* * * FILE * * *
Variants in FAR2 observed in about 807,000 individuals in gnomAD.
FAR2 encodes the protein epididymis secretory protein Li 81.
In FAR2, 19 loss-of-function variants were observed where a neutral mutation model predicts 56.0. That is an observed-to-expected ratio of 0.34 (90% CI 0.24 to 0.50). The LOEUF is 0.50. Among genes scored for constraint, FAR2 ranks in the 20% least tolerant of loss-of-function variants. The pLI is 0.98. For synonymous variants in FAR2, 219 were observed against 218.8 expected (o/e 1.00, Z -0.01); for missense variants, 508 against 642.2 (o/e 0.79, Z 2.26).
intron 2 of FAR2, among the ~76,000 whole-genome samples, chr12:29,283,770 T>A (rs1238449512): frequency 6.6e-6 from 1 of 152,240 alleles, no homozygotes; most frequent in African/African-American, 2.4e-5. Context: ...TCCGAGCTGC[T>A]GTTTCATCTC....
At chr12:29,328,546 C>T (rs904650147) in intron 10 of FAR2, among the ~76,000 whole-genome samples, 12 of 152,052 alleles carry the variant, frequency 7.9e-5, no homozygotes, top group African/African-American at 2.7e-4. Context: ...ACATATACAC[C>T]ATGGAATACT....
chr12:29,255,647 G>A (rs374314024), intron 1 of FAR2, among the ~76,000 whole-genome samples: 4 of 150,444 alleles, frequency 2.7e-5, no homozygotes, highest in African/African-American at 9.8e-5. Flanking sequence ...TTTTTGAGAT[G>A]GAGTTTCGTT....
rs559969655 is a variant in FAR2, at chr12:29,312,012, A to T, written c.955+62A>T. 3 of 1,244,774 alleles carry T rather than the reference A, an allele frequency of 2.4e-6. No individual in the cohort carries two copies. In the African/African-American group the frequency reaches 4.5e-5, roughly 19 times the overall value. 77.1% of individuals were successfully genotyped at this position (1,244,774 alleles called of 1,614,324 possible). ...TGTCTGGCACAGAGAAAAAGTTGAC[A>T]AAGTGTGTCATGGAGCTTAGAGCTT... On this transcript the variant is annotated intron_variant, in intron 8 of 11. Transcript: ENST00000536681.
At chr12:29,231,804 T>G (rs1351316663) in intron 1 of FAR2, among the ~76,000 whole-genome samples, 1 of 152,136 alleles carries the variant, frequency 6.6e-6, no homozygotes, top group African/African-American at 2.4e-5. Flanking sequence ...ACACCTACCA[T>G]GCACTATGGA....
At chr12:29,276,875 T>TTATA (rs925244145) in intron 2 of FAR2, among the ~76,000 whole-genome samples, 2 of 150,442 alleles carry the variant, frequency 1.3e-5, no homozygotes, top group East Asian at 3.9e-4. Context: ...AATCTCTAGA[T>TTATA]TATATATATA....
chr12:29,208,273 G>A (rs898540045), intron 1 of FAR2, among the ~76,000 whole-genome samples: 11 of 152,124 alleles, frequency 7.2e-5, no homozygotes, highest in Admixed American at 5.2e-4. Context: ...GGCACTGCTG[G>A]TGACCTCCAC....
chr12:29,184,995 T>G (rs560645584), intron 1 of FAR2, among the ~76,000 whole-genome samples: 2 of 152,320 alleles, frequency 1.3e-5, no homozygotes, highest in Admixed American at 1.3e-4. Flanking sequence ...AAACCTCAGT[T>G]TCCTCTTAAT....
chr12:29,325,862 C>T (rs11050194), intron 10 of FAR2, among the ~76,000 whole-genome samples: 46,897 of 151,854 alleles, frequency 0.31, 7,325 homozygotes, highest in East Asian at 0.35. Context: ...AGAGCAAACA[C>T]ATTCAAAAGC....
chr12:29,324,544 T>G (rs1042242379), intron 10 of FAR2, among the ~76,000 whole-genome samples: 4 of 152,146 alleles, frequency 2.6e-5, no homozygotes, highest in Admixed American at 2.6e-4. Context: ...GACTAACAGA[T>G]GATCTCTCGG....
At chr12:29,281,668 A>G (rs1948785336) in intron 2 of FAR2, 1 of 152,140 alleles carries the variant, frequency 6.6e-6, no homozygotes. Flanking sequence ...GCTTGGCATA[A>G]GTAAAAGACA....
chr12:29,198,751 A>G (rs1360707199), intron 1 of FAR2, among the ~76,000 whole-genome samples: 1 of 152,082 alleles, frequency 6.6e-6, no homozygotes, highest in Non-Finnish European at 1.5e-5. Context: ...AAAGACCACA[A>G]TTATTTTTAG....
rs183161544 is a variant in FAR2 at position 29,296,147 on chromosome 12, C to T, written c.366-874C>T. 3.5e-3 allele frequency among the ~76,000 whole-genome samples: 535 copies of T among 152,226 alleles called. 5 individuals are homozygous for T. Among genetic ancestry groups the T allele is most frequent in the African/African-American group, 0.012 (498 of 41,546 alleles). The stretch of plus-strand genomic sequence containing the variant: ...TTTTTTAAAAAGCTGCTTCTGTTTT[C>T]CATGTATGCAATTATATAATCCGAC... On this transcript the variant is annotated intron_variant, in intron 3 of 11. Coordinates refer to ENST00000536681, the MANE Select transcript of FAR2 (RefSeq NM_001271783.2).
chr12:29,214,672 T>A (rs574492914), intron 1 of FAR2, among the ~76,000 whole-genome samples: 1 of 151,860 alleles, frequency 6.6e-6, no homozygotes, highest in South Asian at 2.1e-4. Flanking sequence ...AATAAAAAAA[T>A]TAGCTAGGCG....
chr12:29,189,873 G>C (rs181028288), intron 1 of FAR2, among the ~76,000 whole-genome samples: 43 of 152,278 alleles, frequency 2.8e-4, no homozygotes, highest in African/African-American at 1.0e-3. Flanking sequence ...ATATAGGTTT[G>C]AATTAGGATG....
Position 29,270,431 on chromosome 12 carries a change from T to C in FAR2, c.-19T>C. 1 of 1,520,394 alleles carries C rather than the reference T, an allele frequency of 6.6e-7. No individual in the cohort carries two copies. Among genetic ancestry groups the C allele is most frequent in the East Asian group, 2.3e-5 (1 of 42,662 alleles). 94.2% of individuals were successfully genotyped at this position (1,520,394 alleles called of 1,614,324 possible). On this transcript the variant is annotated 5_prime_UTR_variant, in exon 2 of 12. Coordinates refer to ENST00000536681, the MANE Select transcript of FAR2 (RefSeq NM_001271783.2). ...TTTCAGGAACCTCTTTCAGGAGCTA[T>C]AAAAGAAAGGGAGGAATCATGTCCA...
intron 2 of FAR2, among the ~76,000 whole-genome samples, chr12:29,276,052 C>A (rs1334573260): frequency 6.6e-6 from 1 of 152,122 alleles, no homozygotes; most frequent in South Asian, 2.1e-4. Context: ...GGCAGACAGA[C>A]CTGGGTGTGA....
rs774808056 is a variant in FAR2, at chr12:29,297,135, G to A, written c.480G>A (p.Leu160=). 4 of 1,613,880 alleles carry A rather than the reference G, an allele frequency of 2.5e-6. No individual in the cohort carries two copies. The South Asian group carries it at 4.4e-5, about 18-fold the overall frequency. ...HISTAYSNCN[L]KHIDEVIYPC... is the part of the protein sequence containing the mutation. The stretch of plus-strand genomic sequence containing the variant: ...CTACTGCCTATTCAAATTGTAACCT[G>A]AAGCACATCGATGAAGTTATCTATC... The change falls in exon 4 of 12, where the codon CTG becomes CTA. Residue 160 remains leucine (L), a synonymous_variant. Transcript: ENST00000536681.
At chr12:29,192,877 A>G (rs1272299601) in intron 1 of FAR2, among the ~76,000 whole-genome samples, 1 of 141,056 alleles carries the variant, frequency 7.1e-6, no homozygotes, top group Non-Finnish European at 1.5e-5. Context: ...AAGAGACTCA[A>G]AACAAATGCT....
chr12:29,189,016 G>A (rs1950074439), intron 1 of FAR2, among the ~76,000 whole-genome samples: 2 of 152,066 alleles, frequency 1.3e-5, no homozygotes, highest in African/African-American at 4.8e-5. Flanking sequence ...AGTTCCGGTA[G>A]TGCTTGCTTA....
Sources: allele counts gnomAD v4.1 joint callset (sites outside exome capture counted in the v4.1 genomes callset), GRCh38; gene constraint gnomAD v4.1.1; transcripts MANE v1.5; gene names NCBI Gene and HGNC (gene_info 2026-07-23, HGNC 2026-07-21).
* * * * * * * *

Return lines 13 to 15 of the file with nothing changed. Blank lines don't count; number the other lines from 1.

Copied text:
chr12:29,324,544 T>G (rs1042242379), intron 10 of FAR2, among the ~76,000 whole-genome samples: 4 of 152,146 alleles, frequency 2.6e-5, no homozygotes, highest in Admixed American at 2.6e-4. Context: ...GACTAACAGA[T>G]GATCTCTCGG....
At chr12:29,281,668 A>G (rs1948785336) in intron 2 of FAR2, 1 of 152,140 alleles carries the variant, frequency 6.6e-6, no homozygotes. Flanking sequence ...GCTTGGCATA[A>G]GTAAAAGACA....
chr12:29,198,751 A>G (rs1360707199), intron 1 of FAR2, among the ~76,000 whole-genome samples: 1 of 152,082 alleles, frequency 6.6e-6, no homozygotes, highest in Non-Finnish European at 1.5e-5. Context: ...AAAGACCACA[A>G]TTATTTTTAG....